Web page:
Active immunization is advised.

Hepatitis D

Infection. The delta virus is attached to the B virus and utilizes parts of the HBV for its own reproduction. The path of infection is parenteral or by sexual contact. Endemic regions are southern Italy, the Balkans, the Near East, Africa, and South America.

Clinical. The period of incubation for simultaneous infection with HBV is 12–15 weeks. If a patient with persistent HBV is infected, the incubation period is clearly shorter, around 3 weeks.

The infection entails a serious negative effect on the liver, and not uncommonly also liver failure. Approximately 80% of hepatitis D virus (HDV) infections become chronic.

Protection against this infection is achieved by immunization against HBV.

Hepatitis C

Infection. The hepatitis C virus (HCV) is spread via injection or sexual transmission. It is found in 0.5–1.5% of all blood donors. Anti-HCV is clearly more common in people who have experienced an HBV infection.

Clinical. The period of incubation is 5–12 weeks. Asymptomatic courses are possible. Nevertheless, 50% of infections take a chronic course, and transition to cirrhosis or hepatocellular carcinoma is not uncommon.

There is no immunization.

Hepatitis E

Infection. The path of transmission for the hepatitis E virus (HEV) is fecal-oral. In developing countries, it is held responsible for epidemics of HEV infection.

Clinical. The course is identical to that of hepatitis A. There are no chronic courses or healthy virus carriers.

Women who become infected with HEV in the last trimester of pregnancy die in about 25% of cases.

Chronic Hepatitis


This condition refers to inflammatory liver disorders that persist for 6 months or longer without improvement.


  • HBV infection

  • HCV infection

  • HDV infection

  • autoimmune hepatitis

  • toxins (alcohol, medications)

Clinical. We distinguish between a persistent and an aggressive type. The persistent type is marked by nonspecific symptoms such as fatigue, weight loss, and diffuse upper abdominal complaints. The prognosis is favorable.

Aggressive chronic hepatitis manifests in a disease progression with not only nonspecific symptoms but also signs of liver cirrhosis, e.g., esophageal varices.

Fatty Liver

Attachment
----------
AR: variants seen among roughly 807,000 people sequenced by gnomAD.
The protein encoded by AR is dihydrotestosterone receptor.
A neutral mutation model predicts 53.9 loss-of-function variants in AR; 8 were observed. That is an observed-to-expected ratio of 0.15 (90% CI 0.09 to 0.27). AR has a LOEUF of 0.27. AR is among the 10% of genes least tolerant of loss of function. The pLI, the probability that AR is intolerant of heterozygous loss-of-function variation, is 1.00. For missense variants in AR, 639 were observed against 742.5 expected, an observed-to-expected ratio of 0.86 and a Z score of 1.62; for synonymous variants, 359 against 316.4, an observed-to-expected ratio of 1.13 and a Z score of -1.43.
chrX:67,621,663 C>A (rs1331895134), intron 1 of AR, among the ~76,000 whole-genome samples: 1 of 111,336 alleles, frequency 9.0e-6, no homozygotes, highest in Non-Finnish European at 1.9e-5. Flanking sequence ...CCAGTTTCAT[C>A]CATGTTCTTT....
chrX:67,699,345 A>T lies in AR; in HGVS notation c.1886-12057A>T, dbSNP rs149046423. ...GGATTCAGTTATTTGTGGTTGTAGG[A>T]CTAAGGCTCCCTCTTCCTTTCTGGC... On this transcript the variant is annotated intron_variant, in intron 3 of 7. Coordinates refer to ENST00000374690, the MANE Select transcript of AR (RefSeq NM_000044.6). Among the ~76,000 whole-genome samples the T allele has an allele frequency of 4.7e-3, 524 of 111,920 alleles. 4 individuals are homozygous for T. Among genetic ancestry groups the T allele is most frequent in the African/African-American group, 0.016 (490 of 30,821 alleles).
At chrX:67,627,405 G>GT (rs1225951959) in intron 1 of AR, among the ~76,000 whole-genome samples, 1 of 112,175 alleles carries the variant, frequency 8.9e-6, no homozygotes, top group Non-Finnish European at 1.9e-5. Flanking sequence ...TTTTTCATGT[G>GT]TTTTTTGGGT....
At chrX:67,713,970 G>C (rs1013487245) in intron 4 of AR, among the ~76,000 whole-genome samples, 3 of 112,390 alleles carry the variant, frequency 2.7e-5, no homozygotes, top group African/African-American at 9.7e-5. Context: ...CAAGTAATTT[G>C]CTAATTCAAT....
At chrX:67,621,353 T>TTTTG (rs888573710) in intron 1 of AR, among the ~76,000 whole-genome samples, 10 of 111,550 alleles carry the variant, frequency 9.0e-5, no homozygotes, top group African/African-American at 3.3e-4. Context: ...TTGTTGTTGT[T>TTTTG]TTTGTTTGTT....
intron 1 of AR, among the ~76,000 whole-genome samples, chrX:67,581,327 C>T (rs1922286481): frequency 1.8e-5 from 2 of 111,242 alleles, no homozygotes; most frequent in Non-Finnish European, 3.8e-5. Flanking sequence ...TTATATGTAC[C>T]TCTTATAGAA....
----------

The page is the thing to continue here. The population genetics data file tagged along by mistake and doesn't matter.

Definition. Fatty liver refers to an increase of fat deposits in the liver cells. If more than 50% of the cells are affected, we talk about a fatty liver. If less than 50% of cells are affected, we call the condition fatty degeneration of the liver.


  • alcohol abuse

  • adiposity

  • diabetes mellitus

  • pregnancy

  • toxins, e.g., poisonous mushrooms

Clinical. In most cases, hepatomegaly manifests with no complaints. The symptoms depend on the cause.

Liver Damage from Alcohol

Definition. Toxic effect on the liver as a result of excess alcohol or alcohol abuse.


  • fatty liver

  • steatosis hepatitis or acute alcohol hepatitis with signs of liver insufficiency to the point of liver failure with:

    • – pressure pain in the liver

    • – nausea, and also weight loss

    • – fever

    • – icterus

    • – ascites

    • – hepatosplenomegaly

    • – encephalopathy

  • alcoholic liver cirrhosis

Cirrhosis of the Liver

Definition. Irreversible change in normal liver tissue with fibrosis and destruction of the physiologic microscopic lobe structure.


  • alcohol


  • medications

  • cystic fibrosis

  • chronic right cardiac insufficiency

Clinical. Liver insufficiency with:

  • structural tissue change: enlargement of the liver with hardening and bumpy surface (the liver shrinks terminally) and hypoperfusion of the liver

  • icterus

  • hepatic encephalopathy

  • ascites and ankle edema (albumin deficiency)

  • anemia

  • a bleeding tendency

Estrogen dominance with:

  • spider angioma

  • men with loss of chest hair, abdominal baldness, testicular atrophy

  • palmar erythema

  • gynecomastia

Portal hypertension with:

  • hypersplenism with bone marrow changes and pancytopenia and hemorrhagic diathesis

  • splenomegaly

  • esophageal varices

  • caput medusae

  • external hemorrhoids

  • ascites

General symptoms:

  • fatigue

  • reduced productivity

  • nonspecific upper abdominal complaints

  • cachexia

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Jul 12, 2020 | Posted by in GASTROENTEROLOGY | Comments Off on 5 The Liver